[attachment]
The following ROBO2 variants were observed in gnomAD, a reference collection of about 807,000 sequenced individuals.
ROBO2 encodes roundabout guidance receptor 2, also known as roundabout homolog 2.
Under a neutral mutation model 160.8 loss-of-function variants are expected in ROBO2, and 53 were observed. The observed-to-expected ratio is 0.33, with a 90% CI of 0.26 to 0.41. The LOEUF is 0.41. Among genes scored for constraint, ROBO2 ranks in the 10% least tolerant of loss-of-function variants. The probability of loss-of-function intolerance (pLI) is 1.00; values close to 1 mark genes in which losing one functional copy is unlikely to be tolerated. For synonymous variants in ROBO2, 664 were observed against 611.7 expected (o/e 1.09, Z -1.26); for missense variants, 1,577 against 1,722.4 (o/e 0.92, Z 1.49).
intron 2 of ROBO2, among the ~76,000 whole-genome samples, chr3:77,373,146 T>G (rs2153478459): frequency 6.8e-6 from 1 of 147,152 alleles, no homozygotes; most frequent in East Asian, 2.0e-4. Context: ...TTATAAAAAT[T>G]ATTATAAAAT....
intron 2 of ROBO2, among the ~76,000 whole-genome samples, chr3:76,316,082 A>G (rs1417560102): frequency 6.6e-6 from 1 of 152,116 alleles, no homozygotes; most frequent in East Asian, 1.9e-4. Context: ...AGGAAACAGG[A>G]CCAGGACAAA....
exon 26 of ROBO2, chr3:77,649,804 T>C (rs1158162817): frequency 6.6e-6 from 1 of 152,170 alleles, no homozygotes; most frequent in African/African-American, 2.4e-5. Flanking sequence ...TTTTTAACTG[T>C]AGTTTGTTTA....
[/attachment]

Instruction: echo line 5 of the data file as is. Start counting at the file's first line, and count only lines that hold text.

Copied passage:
intron 2 of ROBO2, among the ~76,000 whole-genome samples, chr3:76,316,082 A>G (rs1417560102): frequency 6.6e-6 from 1 of 152,116 alleles, no homozygotes; most frequent in East Asian, 1.9e-4. Context: ...AGGAAACAGG[A>G]CCAGGACAAA....